Keith anxiously awaiting new teeth -- Even Duncan Keith had to laugh at the first few batches of jokes about his seven missing teeth in the front of his mouth – which were knocked out in Game 4 against San Jose.
Now, he'd like to get his smile back with the help of a team dentist.
"It seems like it's taken on a life of its own," Keith said. "All anybody wants to do is make me smile and then laugh at me, but I guess it's kind of funny that way and one of the stories of the playoffs. But I'm definitely looking forward to getting some nice teeth."
He's also been getting business cards from dentists.
"I had a couple actually last night come up to me and give me their cards, but I'm taken care of," he said.
He's hoping to have his new grill, or at least part of it, in place in time for Friday's 2010 NHL Awards in Las Vegas. Keith is a finalist to win the Norris Trophy and plans to bring a group of family and friends.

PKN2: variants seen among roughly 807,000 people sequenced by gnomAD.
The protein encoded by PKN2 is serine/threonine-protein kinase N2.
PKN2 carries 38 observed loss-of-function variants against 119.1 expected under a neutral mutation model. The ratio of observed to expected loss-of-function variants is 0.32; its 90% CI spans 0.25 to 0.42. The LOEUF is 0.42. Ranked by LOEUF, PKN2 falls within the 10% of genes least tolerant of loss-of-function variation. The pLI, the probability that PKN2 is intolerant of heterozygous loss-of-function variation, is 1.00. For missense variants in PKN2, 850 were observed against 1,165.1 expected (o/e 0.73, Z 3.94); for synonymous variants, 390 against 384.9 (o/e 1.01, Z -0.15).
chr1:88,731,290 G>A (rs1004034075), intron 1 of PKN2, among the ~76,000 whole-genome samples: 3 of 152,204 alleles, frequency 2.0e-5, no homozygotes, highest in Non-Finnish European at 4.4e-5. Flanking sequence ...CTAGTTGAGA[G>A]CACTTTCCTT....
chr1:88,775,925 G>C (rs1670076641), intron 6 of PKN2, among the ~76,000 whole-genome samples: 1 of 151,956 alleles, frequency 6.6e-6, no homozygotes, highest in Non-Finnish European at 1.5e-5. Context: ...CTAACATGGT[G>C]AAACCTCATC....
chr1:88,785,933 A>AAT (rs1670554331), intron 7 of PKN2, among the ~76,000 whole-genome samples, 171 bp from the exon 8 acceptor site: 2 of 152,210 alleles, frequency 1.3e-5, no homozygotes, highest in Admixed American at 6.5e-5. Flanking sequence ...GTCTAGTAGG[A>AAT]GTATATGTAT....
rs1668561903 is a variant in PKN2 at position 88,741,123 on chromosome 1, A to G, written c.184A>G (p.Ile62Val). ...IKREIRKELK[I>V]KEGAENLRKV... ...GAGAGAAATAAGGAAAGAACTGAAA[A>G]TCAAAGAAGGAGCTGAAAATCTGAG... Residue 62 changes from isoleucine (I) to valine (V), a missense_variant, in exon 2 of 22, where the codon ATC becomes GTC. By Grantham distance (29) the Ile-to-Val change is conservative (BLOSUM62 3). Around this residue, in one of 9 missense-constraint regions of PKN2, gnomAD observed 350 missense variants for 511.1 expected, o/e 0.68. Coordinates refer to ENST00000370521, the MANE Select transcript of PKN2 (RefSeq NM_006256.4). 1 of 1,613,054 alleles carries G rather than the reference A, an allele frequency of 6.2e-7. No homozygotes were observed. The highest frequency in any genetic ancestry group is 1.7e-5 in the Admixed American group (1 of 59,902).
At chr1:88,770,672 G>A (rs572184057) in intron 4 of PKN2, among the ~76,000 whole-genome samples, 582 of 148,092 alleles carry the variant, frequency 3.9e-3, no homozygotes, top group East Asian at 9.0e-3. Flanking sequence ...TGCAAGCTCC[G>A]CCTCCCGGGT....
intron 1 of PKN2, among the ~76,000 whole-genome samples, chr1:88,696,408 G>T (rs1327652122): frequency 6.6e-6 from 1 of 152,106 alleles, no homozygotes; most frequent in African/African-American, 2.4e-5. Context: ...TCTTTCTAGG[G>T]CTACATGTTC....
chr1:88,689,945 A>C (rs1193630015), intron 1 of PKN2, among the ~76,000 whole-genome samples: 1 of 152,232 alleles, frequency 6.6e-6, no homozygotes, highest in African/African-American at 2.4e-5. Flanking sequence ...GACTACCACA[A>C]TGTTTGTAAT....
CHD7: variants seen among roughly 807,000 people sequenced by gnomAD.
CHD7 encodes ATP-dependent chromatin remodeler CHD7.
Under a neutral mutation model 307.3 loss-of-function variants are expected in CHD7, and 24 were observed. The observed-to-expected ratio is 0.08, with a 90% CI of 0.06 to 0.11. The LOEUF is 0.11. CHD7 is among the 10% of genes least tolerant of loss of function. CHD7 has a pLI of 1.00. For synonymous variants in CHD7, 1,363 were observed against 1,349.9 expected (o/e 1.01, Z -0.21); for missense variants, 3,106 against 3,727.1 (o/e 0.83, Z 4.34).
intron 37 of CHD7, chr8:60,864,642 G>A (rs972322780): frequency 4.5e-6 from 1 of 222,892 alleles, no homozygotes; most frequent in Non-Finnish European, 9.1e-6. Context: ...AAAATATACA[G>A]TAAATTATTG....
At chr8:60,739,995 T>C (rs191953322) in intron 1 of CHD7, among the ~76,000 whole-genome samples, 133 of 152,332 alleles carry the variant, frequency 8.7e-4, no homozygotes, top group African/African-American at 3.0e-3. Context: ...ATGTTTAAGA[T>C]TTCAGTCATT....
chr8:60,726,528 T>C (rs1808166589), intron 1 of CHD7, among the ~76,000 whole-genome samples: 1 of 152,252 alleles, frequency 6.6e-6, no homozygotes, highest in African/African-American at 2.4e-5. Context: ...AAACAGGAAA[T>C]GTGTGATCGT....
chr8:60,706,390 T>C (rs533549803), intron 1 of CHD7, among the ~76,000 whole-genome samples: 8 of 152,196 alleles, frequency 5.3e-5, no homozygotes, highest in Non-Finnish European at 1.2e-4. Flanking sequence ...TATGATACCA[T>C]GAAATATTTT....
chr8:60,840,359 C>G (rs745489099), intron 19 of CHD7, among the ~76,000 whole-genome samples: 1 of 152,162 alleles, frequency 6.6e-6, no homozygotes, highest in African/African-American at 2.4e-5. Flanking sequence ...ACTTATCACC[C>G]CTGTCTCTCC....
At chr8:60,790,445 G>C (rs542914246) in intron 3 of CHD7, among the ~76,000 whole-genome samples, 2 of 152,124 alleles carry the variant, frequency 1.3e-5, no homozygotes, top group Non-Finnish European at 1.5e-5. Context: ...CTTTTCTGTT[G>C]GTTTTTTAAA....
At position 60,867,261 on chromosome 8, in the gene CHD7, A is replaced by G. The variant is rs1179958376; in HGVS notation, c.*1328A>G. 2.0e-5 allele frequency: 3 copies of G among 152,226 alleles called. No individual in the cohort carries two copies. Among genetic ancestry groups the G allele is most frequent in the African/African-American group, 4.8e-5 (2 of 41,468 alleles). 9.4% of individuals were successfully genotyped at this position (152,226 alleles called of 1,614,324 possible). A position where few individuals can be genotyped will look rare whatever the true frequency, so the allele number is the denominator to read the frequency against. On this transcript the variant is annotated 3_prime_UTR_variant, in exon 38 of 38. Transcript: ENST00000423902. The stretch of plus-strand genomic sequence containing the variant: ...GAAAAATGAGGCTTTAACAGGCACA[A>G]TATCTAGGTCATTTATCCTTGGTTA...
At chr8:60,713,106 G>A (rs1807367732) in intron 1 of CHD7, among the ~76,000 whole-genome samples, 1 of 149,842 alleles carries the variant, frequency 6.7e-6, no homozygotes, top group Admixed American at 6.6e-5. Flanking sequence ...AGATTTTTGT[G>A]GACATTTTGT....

A long trip, but worth it -- The Hawks are busy making the rounds in Chicago with their silver prize in tow. On Monday, several of them will tote the Cup to Burbank, Calif., for a taping of "The Tonight Show with Jay Leno."
Jonathan Toews, Patrick Kane, Brent Seabrook and Duncan Keith will head West with the Cup this time instead of their Olympic medals – which they showed off on the show in March when appearing with the entire Hawks team.